Cole Nussbaumer Knaflic, industry thought leader and author of “Storytelling with Data,” an Amazon bestseller, recently sat down with iCharts to share her expertise. In this series of blog posts, we’re bringing you her insights on data visualization best practices.

In the last post, Knaflic shared her thoughts on the importance of understanding your audience when creating data visualizations. Here, she provides her perspective on the do’s and don’ts of effective data visualization.

Do: Put the audience first. “This means understanding how your audience sees and how you can leverage visual cues to make your data visualizations accessible and understandable to your audience,” Knaflic says.

Do: Declutter. For Knaflic, creating an effective data visualization means “leveraging white space and not overly cluttering your visuals and making them harder than they need to be for your audience to digest.”

Do: Practice. “Practice is definitely the way to get good at data visualization. Take some data and play with it and look at it in different ways. Put it into different types of graphs and see what it looks like with this color and that color. You can develop a personal data visualization style along the way.”

Do: Put thought into your use of color. According to Knaflic, “color used sparingly and strategically is one of your most powerful tools for signaling importance to your audience and drawing their attention where you want it.”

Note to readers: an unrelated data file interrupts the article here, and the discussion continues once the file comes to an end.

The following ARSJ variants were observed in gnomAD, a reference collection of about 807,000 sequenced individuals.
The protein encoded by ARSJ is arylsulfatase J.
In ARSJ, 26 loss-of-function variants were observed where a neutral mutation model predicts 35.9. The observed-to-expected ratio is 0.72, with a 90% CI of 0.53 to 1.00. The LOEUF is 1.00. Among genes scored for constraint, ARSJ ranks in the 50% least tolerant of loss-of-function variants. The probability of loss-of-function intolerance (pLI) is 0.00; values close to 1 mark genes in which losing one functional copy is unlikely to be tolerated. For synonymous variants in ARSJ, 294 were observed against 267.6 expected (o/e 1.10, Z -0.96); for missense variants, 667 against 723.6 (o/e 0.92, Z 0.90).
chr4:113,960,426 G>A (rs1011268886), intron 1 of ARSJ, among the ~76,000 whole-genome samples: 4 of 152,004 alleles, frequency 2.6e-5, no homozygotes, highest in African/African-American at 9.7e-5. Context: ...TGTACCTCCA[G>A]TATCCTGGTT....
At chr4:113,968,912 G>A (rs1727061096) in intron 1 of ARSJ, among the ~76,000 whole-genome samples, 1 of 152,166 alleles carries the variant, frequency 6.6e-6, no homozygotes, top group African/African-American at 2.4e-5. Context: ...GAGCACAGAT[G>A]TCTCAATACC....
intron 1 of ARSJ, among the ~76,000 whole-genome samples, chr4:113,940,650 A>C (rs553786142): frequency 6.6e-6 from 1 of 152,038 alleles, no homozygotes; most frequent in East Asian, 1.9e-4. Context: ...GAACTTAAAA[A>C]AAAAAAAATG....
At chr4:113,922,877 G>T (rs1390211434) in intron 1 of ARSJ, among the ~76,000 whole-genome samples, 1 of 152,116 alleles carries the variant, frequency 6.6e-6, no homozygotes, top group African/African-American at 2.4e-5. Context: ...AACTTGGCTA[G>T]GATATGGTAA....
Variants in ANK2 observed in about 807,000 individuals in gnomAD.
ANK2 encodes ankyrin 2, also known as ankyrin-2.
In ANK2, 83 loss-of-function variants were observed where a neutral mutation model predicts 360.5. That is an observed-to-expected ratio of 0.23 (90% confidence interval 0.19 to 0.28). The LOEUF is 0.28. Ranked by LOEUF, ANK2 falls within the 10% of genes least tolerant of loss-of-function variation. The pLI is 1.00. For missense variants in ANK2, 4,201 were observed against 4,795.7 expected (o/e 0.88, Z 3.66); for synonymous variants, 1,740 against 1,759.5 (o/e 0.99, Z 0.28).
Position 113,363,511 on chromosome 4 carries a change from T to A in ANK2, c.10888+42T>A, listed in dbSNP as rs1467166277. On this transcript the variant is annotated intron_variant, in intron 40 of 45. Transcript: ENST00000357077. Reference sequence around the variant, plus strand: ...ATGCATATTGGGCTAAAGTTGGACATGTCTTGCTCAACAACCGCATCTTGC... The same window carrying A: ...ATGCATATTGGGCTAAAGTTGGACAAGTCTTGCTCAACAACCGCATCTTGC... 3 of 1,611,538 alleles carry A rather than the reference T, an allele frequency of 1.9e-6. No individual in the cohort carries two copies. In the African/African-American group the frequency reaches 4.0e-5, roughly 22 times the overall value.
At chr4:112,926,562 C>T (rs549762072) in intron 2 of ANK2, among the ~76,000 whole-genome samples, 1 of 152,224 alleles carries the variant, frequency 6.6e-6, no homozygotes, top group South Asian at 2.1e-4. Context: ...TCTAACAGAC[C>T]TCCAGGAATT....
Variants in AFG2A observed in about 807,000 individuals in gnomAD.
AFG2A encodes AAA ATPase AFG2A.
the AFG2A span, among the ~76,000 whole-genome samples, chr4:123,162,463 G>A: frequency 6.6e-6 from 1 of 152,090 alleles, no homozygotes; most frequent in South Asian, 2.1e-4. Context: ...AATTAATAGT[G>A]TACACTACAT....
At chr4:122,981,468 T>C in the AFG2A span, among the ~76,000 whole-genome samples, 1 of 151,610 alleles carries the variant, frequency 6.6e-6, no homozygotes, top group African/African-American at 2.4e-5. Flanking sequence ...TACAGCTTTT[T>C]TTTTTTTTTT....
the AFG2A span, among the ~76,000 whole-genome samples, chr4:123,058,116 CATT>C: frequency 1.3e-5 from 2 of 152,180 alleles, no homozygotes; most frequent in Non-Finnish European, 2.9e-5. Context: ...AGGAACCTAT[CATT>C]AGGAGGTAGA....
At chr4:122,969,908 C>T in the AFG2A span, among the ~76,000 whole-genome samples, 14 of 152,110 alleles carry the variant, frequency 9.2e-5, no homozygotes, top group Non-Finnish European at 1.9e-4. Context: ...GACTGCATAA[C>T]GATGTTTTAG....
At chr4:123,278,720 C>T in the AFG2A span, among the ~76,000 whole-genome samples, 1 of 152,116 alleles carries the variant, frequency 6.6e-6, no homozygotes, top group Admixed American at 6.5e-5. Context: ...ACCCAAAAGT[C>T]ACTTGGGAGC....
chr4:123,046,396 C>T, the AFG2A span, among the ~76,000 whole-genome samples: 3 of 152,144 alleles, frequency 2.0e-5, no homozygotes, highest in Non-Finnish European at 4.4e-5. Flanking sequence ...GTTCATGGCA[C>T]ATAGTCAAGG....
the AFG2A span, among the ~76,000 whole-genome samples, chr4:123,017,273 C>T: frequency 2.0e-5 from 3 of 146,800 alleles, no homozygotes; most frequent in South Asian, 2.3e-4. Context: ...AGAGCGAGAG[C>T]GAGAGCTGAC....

Do: Use text in your visualizations. “Sometimes when we’re communicating with data, it feels like words have no place with all the numbers and pictures. But words have a very important place in making those numbers and pictures accessible to the audience,” Knaflic explains. “You want to use text to label, to title, to explain. Don’t ever assume that somebody else looking at the same data visualization is going to walk away with the same conclusion. If there’s a conclusion that you want your audience to reach, put it in words.”

Don’t: Fall into the trap of data for the sake of data—according to Knaflic, there’s not a lot of meaning in doing so. Instead, think about where you want to drive action, and how you can use data to convince people of that. As Knaflic says, “One way to help make data understandable and relatable is to visualize it. By visualizing data and helping people see it and understand it, we can help incite understanding, incite action, and really drive change.”

Don’t: Use pie charts. Although Knaflic says she recognizes that intelligent people will disagree with her, she absolutely recommends avoiding pie charts. “But worse than pie charts is 3-D. Any sort of 3-D rendering of data visualization, just please don’t. The only exception is if you’re actually plotting a third dimension, and even there, it gets really tricky, really quickly,” Knaflic says. “And never use the 3-D exploding pie chart. It makes the data harder for the audience to get at, and there’s no good reason to do that. Just because something exists in a tool does not mean you should use it.”

Both “Storytelling with Data” (the book) and Storytelling with Data (the website) are packed with useful information on data visualization best practices. We also invite you to watch a three-minute video that demonstrates just how the visual analytics solution from iCharts helps companies extract more value from NetSuite.

Watch the full interview below.